Neymar, a future Ballon d’Or winner, is on course to become his country’s all-time leading goalscorer by the time he is 30 years old. Thiago Silva and Marcelo are regarded by many as being the best players in the world in their positions. Young forward Gabriel Jesus, with four goals in four games for Brazil and a transfer lined up to Manchester City in January, is showing immense potential. Beyond these examples, there are several first-team regulars for top European sides fighting for places in the Seleção. There has not been a lack of talent, the problem has been effective preparation, something this generation has not enjoyed until now.


The most recent qualifying double header was admittedly no masterclass from Tite’s Brazil. At home, they thrashed a desperate Bolivia side that woefully misjudged their defensive strategy, before going away to Venezuela and, despite being gifted an early goal, struggling to tie up the result. However, they won another six points and thanks to Uruguay dropping points away to Colombia, Brazil are now, remarkably, in first place.

The Seleção’s next trial comes in November with two matches that promise to be far sterner tests. On the 11th, Brazil play Argentina in Belo Horizonte, a game that takes on an extra level of significance, being the national team’s first time returning to the Mineirão stadium, the site of their 7-1 drubbing at the hands of Germany two years ago.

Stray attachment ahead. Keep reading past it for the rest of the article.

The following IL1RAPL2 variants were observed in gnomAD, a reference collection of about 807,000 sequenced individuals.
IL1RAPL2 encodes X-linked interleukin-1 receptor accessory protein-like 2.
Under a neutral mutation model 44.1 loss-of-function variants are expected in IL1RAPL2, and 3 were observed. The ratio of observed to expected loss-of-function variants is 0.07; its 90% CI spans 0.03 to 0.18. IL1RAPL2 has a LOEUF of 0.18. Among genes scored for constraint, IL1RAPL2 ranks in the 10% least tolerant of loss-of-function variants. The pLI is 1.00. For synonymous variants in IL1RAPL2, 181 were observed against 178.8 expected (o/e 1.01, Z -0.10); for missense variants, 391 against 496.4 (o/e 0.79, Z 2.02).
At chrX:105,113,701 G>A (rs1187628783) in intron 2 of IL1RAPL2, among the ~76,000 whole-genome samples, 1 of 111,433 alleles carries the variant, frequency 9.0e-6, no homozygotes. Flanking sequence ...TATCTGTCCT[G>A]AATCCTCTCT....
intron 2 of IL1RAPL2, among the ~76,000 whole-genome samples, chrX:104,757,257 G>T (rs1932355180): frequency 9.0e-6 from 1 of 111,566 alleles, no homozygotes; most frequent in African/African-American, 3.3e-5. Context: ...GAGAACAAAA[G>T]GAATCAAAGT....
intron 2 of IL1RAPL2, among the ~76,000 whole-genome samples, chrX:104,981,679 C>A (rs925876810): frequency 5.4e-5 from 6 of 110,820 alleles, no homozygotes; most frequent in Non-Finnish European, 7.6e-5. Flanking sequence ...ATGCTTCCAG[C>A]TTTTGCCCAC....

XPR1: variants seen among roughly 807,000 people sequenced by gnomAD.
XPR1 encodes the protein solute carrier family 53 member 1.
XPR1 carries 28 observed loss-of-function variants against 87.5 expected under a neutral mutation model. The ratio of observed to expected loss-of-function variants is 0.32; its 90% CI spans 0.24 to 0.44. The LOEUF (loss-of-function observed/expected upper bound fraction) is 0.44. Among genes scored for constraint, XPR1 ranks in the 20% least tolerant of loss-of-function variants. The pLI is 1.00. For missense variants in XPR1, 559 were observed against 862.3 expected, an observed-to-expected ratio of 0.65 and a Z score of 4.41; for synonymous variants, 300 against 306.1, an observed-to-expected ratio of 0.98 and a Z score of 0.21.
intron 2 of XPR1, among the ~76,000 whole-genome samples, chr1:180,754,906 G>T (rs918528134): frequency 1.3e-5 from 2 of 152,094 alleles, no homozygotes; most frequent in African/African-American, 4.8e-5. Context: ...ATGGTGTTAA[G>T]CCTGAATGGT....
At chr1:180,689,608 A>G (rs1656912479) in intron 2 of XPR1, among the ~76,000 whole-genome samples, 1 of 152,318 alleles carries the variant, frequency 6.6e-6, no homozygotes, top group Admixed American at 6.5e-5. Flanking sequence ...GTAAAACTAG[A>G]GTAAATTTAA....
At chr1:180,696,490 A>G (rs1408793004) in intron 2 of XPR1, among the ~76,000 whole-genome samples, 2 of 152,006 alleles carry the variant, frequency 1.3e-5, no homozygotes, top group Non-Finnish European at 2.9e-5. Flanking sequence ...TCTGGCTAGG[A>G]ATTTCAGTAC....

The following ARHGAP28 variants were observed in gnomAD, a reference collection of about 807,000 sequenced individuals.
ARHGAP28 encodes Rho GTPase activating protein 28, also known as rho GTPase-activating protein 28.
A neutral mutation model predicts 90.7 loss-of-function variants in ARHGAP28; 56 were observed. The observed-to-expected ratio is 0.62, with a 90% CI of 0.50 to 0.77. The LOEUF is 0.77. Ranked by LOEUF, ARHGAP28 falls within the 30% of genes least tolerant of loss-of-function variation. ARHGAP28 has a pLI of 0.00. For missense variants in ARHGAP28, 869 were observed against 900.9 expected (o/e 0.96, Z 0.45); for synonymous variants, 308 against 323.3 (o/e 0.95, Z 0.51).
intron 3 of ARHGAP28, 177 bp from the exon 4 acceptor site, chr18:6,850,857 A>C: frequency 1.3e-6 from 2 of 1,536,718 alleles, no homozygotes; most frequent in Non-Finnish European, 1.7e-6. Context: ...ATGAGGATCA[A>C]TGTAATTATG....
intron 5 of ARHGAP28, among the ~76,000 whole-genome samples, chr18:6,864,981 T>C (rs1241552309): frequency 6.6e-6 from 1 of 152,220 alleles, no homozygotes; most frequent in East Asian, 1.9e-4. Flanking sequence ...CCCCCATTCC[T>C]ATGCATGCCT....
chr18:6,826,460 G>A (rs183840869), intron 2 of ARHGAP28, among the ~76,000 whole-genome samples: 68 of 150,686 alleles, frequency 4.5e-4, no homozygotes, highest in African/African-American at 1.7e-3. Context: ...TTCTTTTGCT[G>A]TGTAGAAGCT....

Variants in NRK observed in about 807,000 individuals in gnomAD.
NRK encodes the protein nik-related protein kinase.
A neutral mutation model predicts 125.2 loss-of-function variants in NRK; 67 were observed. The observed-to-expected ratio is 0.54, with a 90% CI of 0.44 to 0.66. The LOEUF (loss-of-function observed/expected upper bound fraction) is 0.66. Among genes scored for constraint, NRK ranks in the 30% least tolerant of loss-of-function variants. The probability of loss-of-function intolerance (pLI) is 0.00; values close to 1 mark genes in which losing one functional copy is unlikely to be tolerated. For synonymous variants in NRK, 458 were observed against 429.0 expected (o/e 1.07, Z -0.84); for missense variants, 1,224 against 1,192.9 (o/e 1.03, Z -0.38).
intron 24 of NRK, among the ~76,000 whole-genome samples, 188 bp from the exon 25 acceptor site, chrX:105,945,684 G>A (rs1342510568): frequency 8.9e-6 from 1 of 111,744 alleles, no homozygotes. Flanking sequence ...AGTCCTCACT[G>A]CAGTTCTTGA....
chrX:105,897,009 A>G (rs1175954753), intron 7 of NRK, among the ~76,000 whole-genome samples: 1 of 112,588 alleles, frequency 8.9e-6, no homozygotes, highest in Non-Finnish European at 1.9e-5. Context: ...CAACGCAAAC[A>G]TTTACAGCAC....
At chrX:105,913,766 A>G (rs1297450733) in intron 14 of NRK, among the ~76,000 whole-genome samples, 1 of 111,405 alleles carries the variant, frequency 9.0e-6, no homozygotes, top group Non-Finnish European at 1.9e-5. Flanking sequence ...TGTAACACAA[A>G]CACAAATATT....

Brazil then visit Lima, the City of the Kings, where their hosts Peru are notoriously difficult to beat. Despite their poor overall showing in this qualifying campaign, Peru’s only home loss came to bitter rivals Chile, back when they were the continent’s form team, three months after they had won the 2015 Copa América.

So, what difference does Tite make?

He makes some,

And now Dunga has gone,

And his methods are looking very old tonight.

[Marco Polo] Del Nero will find work for idle hands to do…